Due to an ongoing health crisis in the family, blogging will be 'on and off' as time and circumstances permit for the foreseeable future. I also beg your indulgence if I am slow in responding to emails. New posts will appear below this notice.

Tuesday, March 29, 2011

Once Again: Banks are the enemy

For those who missed the memo...
"Total Checking." "Value Checking." "MyAccess Checking." What do they all have in common? The word "free" is missing from the name.

You are likely painfully aware that big banks like Chase, Wells Fargo, and Bank of America have ended no-strings-attached free checking accounts. But if you had any questions about how restrictive -- or expensive -- those strings can be, consider Chase bank. Scarcely two years ago, we marveled at banks’ efforts to inch fees up to $3 per withdrawal. Chase bank is now test-piloting $5-per-withdrawal fees for non-customers in Illinois. That's in addition to fees the consumers' bank charges. Soon it may cost $10 to grab $20 in a pinch.

Once upon a time, consumers could expect to earn money by leaving their cash sitting in a bank. Today, consumers must worry about their bank slowly bleeding money out of the account. The change is happening swiftly. Chase says it's converted around 8 million free accounts -- many former customers of Washington Mutual -- into "follow-our-rules-or-pay-up-to-$144-annually" accounts.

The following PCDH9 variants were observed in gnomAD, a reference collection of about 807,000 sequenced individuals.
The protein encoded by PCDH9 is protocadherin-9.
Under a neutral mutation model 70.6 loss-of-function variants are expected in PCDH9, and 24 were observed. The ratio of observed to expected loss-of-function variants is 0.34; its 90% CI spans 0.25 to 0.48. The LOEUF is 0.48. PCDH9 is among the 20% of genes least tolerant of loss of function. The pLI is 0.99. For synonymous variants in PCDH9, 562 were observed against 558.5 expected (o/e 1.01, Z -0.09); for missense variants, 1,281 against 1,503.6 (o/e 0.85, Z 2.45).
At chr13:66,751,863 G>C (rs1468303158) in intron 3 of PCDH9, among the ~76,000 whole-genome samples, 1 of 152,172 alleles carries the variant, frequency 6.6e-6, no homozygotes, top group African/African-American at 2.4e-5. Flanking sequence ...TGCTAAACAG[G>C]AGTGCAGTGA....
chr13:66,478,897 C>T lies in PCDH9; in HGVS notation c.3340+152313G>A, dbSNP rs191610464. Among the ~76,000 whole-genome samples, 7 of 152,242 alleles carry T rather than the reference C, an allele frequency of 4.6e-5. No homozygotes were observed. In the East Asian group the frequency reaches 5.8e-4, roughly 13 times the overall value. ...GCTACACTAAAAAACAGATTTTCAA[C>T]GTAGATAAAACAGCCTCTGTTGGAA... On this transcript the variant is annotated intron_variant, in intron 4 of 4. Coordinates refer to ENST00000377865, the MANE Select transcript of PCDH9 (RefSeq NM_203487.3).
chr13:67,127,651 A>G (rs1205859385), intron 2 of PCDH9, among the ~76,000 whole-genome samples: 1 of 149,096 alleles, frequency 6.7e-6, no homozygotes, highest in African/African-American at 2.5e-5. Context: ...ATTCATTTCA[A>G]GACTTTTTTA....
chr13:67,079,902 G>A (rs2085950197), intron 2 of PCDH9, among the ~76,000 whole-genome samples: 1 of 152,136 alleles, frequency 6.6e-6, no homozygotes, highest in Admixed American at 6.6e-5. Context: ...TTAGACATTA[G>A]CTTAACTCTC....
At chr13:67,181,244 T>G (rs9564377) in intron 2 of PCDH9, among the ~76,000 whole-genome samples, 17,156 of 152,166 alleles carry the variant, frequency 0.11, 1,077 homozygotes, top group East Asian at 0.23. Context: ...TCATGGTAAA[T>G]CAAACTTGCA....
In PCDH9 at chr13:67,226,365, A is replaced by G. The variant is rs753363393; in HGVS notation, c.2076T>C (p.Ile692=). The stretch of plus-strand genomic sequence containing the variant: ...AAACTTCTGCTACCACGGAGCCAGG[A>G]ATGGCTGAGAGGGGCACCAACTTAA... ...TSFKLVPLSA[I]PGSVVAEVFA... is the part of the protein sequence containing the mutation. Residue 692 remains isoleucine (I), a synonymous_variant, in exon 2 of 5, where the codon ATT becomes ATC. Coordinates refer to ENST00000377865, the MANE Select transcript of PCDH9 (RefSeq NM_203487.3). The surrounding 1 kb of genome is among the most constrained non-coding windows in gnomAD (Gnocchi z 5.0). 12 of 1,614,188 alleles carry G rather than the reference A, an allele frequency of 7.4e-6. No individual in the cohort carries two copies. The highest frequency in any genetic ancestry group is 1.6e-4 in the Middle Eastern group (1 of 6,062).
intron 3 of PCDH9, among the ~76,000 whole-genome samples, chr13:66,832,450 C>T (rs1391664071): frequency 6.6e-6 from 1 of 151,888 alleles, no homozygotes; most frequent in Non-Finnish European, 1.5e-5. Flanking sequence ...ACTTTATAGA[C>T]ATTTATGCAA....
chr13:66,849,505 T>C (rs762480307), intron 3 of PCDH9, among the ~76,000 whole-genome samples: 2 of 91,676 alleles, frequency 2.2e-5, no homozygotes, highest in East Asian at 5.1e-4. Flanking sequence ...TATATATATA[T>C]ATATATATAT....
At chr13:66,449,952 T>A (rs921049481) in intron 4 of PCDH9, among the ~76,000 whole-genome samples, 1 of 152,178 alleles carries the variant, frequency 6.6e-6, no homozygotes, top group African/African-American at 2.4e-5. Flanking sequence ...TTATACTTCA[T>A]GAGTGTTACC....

Read the rest here.

Marx may have had a point. Banks are evil. I wonder if anyone has looked in the Chase Bank boardroom for that missing snake?

3 comments:

Anastasia Theodoridis said...

I found it interesting to note, in yesterday's news, that the supposedly rag-tag band of rebels in Libya has established a bank, call the the Bank of Libya.

Imagine what it takes to establsih a national bank!

And what for? Wh should that have any priority> For keeping all the foreign money pouring in to support the rebel cause?

???

Ed said...

Agreed John, banks are evil.

But I think you should see the following article for some potential clarification: http://finance.yahoo.com/news/Why-Banks-Are-Suddenly-fool-4290984267.html?x=0&.v=3.

M. Jordan Lichens said...

Here's a suggestion from your friendly neighbourhood localist: credit unions. I resisted the pressure from banks when they were giving away "free" ipads because I knew that there would ways they'd screw me in the end. Remember that banks, like everything else in this country, only has the power to do it because of consumers. That is unless the government gives them another bailout.